Can bankruptcy void and remove judgments?

Victoria Maydanik California bankruptcy Leave a Comment

In many cases, yes.

A bankruptcy judge can issue a specific order voiding a lien or other outcome of the judgment.  Even without such specific order, if the debt that resulted in the judgment is discharged through bankruptcy, a creditor does not have a right to enforce the judgment.

Generally, if a creditor put a lien on a person’s real estate using the judgment, then we would need to obtain a very specific order of the bankruptcy court to overturn or reduce the lien.  Otherwise, a general order discharging the debt at the completion of the case should be sufficient to avoid the judgment.

Before the case is completed and the debt is discharged, creditors have to put their collection activities on hold as soon as the case is filed and either wait for the outcome of the bankruptcy case, or go to bankruptcy court if they believe they are entitled to another resolution.

Most common example is wage garnishment.  Let’s say that Citibank had filed a lawsuit against Mike because of his delinquent credit card account, obtained a judgment against him, and started garnishing his wages on October 1st.  One month later, on November 1st, Mike files a bankruptcy petition.  As soon as the case is filed, Citibank has to stop the wage garnishment, and it does not have a right to resume the garnishment later assuming the case is completed successfully and the credit card debt in question is discharged.  Citibank also would not have a right to send collection letters to Mike, call him or use other tactics to collect once the petition has been filed.  Not only this, but Mike may be entitled to get back the wages that were garnished from him before the filing of the bankruptcy case.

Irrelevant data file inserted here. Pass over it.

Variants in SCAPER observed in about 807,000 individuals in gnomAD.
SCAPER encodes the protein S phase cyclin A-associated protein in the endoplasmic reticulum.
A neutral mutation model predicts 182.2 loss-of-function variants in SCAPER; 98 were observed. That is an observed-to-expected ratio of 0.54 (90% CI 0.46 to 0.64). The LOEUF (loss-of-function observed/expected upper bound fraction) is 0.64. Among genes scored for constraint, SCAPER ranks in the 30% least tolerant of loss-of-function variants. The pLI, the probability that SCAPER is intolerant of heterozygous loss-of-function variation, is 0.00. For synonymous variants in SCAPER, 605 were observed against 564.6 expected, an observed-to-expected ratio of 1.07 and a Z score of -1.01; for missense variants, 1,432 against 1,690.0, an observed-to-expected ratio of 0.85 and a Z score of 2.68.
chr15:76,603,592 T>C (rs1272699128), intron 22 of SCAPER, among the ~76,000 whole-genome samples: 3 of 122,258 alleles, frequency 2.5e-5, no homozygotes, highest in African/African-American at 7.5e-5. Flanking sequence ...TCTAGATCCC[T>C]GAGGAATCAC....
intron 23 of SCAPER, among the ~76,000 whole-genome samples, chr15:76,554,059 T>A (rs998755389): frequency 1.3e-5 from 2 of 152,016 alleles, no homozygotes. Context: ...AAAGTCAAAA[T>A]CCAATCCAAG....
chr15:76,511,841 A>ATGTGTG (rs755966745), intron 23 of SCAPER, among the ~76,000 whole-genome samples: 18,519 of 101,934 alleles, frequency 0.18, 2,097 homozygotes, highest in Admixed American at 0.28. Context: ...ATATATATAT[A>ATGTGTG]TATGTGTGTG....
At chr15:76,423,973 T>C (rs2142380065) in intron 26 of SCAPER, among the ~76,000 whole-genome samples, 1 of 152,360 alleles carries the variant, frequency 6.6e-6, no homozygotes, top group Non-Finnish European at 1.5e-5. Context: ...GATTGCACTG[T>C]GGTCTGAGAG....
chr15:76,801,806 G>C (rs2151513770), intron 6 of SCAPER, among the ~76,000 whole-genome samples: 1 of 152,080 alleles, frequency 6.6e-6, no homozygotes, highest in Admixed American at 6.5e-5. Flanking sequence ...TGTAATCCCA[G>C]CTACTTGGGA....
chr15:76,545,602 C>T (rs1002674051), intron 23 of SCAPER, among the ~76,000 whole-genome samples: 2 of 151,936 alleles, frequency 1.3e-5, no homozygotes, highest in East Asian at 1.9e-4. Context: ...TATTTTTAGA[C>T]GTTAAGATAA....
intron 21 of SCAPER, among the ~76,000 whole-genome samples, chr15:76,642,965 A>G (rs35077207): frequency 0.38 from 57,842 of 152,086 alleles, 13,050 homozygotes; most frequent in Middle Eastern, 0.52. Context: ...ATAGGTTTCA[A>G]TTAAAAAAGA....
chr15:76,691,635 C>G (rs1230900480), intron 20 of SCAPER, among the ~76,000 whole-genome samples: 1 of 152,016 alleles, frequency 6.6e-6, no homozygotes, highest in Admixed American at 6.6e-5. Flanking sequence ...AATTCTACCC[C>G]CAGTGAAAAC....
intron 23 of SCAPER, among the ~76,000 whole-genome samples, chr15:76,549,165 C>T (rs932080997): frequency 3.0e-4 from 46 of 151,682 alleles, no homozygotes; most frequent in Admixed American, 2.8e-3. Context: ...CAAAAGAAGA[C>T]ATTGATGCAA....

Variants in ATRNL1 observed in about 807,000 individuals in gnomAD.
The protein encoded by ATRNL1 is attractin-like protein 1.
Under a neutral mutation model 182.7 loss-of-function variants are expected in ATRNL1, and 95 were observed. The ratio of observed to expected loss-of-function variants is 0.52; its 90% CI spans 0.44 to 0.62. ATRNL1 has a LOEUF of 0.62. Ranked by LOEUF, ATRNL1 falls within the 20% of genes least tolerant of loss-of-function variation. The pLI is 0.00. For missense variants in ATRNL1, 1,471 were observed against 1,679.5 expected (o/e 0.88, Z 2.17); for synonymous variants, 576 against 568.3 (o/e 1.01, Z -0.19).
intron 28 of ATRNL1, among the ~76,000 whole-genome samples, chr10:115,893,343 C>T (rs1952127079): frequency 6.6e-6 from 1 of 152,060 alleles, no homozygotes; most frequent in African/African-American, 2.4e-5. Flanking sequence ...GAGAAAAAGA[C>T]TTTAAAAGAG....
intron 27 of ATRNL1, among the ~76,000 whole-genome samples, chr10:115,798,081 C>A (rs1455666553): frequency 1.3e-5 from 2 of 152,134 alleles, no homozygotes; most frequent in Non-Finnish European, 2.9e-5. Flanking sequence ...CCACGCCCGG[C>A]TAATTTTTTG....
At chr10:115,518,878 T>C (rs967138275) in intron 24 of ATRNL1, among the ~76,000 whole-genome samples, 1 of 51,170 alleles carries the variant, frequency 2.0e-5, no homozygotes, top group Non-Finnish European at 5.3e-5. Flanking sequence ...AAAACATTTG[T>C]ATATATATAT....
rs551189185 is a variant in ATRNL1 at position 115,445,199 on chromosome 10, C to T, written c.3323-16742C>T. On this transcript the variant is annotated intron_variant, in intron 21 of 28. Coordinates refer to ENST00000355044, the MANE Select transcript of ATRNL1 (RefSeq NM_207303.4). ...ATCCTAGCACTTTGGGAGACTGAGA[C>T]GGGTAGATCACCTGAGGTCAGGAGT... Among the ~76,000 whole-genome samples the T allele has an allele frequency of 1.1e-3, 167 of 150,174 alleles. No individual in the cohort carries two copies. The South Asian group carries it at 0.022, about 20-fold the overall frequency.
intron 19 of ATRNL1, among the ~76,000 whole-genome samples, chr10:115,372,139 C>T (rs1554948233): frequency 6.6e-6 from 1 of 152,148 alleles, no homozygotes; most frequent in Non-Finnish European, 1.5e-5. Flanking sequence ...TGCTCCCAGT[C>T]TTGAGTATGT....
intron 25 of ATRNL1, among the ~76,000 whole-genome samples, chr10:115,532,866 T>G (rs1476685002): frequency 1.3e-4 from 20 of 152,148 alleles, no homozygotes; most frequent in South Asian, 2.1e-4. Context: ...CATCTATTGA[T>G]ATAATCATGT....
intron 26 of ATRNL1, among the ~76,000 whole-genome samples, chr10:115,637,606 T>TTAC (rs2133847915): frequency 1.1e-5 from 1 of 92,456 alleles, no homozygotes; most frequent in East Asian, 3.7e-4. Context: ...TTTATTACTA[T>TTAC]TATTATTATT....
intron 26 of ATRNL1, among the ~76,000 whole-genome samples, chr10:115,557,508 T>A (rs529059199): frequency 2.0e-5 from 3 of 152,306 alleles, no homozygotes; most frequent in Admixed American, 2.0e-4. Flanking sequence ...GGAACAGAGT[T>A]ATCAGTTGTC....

While this is good news, being able to void the effects of the judgment without losing money or property is very time-sensitive.  The longer you wait after the judgment, the higher the chances that a judgment lien may not be voidable, or that the funds garnished or levied from you would not be refunded, at least fully. If a creditor filed a lawsuit against you and especially if there has already been a judgment, act quickly and consult an attorney to protect your wages and property.

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